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Assimilation is a sound change process by which one (neighboring) segment causes another segment to become phonetically more similar to it in some way.


In English the alveolar nasal of the prefix /in-/ changes to [l] in illegal (complete convergence) and to [m] in input (partial convergence). In the latter case the change is from alveolar to labial under influence of the neighbouring labial segment [p]. When assimilation takes place between two vowels it is more commonly referred to as vowel harmony.

Term properties

The relational adjective is assimilatory.


Assimilatory changes can be classified according to the following dichotomies:

Other languages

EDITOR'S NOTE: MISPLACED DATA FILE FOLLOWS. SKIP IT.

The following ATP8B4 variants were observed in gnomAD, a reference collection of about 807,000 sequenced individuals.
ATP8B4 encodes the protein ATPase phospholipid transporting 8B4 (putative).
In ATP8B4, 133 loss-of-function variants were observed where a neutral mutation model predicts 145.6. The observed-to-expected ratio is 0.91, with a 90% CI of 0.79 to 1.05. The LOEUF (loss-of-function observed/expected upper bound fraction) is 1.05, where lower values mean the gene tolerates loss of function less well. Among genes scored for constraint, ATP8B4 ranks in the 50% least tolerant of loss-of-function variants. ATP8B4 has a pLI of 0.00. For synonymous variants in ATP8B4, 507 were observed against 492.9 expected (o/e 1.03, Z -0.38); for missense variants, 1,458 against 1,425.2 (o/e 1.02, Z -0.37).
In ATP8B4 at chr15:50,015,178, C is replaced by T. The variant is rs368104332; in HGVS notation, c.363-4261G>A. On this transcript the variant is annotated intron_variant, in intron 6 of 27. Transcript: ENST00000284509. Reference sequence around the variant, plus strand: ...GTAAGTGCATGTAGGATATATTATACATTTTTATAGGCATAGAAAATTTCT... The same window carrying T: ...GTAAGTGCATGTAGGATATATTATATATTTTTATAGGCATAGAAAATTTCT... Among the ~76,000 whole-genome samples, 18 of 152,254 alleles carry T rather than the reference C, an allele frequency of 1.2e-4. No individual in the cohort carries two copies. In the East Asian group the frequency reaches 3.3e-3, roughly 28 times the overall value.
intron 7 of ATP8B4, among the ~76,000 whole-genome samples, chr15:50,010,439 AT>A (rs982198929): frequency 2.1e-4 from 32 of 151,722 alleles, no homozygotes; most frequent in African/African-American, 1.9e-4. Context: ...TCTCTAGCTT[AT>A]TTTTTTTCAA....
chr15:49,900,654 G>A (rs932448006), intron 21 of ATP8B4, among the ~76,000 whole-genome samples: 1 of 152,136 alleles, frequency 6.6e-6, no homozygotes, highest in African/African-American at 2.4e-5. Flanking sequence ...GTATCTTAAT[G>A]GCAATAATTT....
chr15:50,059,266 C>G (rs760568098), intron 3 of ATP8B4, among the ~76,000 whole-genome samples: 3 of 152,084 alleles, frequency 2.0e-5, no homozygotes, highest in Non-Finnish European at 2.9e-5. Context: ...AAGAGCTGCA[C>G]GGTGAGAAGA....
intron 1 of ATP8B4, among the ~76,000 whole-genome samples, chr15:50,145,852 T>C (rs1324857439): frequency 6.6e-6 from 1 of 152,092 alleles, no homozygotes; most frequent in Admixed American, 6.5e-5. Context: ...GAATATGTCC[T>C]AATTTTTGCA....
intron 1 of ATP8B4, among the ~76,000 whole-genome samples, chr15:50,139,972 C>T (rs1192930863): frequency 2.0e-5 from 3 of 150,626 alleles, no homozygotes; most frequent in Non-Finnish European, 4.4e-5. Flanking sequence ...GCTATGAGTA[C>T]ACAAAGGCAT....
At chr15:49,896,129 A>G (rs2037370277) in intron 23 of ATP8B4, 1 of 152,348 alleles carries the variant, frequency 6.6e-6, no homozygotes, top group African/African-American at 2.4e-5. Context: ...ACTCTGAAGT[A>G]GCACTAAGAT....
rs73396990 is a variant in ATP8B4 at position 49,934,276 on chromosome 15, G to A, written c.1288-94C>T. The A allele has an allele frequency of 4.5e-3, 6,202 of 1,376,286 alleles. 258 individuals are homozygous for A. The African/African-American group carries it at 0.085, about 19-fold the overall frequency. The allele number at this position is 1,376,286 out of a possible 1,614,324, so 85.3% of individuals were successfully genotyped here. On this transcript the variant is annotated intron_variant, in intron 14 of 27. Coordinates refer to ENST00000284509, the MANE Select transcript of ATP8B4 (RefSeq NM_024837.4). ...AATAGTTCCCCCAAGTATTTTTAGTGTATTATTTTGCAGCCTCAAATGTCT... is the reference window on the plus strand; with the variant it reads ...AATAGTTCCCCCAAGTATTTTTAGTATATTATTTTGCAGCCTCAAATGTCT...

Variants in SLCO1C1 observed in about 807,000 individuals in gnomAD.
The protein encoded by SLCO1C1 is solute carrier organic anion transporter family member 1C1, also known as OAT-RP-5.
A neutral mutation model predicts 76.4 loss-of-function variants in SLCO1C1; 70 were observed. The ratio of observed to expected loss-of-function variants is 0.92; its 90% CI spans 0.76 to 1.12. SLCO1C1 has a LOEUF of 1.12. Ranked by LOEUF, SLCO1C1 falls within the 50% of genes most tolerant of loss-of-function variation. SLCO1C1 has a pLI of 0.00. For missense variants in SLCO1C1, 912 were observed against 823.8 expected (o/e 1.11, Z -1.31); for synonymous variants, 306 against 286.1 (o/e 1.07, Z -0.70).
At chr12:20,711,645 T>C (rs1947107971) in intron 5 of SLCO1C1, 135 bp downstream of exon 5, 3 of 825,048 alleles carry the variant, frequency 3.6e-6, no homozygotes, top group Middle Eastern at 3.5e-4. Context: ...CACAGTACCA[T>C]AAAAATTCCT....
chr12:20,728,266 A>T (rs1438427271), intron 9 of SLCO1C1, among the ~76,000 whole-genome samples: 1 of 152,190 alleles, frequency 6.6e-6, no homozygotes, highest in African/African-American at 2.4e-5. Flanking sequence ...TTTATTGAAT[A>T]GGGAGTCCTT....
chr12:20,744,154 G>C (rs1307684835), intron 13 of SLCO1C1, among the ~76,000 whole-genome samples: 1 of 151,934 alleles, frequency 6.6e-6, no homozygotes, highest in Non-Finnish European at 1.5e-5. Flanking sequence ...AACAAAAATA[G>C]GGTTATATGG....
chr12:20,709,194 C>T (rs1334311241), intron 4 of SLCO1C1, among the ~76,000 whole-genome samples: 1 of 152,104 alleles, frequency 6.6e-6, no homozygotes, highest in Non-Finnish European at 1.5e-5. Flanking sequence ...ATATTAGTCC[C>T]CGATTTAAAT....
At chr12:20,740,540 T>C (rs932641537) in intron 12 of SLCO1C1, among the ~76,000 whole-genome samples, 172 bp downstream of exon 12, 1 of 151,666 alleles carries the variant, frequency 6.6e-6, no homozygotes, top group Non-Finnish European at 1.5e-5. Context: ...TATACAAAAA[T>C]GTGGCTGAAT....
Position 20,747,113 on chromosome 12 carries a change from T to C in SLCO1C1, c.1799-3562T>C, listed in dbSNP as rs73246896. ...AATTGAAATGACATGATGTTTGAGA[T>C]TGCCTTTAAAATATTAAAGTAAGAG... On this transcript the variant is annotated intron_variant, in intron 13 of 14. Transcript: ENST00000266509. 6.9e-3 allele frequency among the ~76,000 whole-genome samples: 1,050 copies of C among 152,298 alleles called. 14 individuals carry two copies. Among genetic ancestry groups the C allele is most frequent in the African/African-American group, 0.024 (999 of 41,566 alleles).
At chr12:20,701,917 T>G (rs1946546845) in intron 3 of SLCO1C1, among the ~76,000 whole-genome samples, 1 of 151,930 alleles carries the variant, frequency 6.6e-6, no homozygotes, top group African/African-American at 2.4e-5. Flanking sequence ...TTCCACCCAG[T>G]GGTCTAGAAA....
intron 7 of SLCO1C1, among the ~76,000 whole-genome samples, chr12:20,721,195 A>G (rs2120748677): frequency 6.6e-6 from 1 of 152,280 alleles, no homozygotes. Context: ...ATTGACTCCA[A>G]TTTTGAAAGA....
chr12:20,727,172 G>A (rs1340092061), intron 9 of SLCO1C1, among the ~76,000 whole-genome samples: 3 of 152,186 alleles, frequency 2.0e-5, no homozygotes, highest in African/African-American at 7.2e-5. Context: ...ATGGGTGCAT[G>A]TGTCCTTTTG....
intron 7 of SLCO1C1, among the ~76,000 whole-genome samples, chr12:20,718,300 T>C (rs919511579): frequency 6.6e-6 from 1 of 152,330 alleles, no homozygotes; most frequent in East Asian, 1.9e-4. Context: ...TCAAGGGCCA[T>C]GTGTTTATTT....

German Assimilation (de)


  • Campbell, Lyle & Mauricio J. Mixco. 2007. A Glossary of Historical Linguistics. Salt Lake City: University of Utah Press.
  • Crowley, Terry. 1997. An introduction to historical linguistics 3rd ed. Auckland: Oxford University Press.
  • Kiparsky, Paul. 2003. The phonological basis of sound change. In Handbook of historical linguistics, ed. by Brian D. Joseph and Richard D. Janda, 313–342. Oxford: Basil Blackwell.
  • McMahon, April M.S. 1994. Understanding language Change. Cambridge: Cambridge University Press.